2) Hives

Hives, also known as urticaria, may appear within 24 hours of your dog eating the food he is allergic to. If your dog has short fur, it's much easier to notice than a dog with thick, long fur. If you suspect allergies and your dog has long fur, you may have to take a closer look and/or feel around for any hives. 

If your dog is experiencing itchy skin or hives, you'll likely notice excessive scratching, biting, and licking on the areas that are most bothered. This must be monitored to prevent infection. 

3) Canine GI Issues

When your dog is allergic to a food, you may also notice gas, vomiting, and/or diarrhea.

You may also notice swelling in the ears, lips, or near the eye, or chronic paw infections.

The most common food allergies in dogs 

Although any food can cause an allergic reaction to sensitive dogs, there are foods that are more likely than others to cause a reaction. The most common being proteins, particularly those from beef, lamb, dairy products, soy, or gluten.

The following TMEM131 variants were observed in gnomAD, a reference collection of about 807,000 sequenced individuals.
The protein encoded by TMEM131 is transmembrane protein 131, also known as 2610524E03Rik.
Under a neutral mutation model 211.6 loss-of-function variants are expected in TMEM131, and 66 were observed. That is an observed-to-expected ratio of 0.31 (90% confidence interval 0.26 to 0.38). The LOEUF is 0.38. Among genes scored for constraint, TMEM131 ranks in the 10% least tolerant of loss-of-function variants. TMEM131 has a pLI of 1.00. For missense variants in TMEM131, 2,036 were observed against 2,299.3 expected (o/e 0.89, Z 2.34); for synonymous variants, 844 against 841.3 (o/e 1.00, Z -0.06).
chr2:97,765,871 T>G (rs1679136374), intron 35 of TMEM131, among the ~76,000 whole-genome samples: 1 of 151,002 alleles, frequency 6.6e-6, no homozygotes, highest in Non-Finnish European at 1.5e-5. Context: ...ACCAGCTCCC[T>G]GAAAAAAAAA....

If your dog experiences an allergic reaction to his food, antibodies begin to build up to react with compounds from the food and symptoms may begin to occur. Sometimes, dog food allergy symptoms take time to notice, which leaves the pet parent wondering what the exact culprit is. That's why this is a trial and error process when determining what needs changed. In order to reduce the allergy, we must first determine what is causing it.

Removing the problem through a dog food allergy test

As stated above, one of the most frustrating aspects of food allergies is determining which ingredient is causing the reaction. There are several blood, saliva, and hair tests that can assist in determining what is causing the allergy, but these tests are often inaccurate. 

Eliminating one food at a time is the most common method veterinarians and veterinary nutritionists use to determine what is causing the allergy. Usually, one protein and one carbohydrate is provided along with a supplement or vitamin to ensure there are no nutritional deficiencies during the elimination trial. 

If your dog's symptoms appear to improve on the elimination diet providing only what is given, it's likely the other items from the food were what was causing the problem. If your dog's allergy symptoms haven't improved after 3-4 weeks, then your veterinarian or nutritionist may recommend alternating to a different protein or carbohydrate type.